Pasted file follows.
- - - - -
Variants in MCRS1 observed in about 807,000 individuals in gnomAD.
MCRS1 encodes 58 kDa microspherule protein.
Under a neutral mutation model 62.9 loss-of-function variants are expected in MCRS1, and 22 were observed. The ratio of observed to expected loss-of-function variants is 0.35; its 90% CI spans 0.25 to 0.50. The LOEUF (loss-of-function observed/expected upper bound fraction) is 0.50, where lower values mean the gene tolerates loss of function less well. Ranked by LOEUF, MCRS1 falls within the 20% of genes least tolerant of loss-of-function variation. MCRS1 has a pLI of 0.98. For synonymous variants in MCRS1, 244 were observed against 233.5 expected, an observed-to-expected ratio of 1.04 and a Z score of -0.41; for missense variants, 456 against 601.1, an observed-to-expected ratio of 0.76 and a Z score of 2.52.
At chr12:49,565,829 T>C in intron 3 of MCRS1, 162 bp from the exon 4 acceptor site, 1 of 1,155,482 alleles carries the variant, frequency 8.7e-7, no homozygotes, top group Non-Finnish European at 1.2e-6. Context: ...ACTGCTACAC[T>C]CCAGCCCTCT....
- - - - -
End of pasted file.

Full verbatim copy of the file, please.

Variants in MCRS1 observed in about 807,000 individuals in gnomAD.
MCRS1 encodes 58 kDa microspherule protein.
Under a neutral mutation model 62.9 loss-of-function variants are expected in MCRS1, and 22 were observed. The ratio of observed to expected loss-of-function variants is 0.35; its 90% CI spans 0.25 to 0.50. The LOEUF (loss-of-function observed/expected upper bound fraction) is 0.50, where lower values mean the gene tolerates loss of function less well. Ranked by LOEUF, MCRS1 falls within the 20% of genes least tolerant of loss-of-function variation. MCRS1 has a pLI of 0.98. For synonymous variants in MCRS1, 244 were observed against 233.5 expected, an observed-to-expected ratio of 1.04 and a Z score of -0.41; for missense variants, 456 against 601.1, an observed-to-expected ratio of 0.76 and a Z score of 2.52.
At chr12:49,565,829 T>C in intron 3 of MCRS1, 162 bp from the exon 4 acceptor site, 1 of 1,155,482 alleles carries the variant, frequency 8.7e-7, no homozygotes, top group Non-Finnish European at 1.2e-6. Context: ...ACTGCTACAC[T>C]CCAGCCCTCT....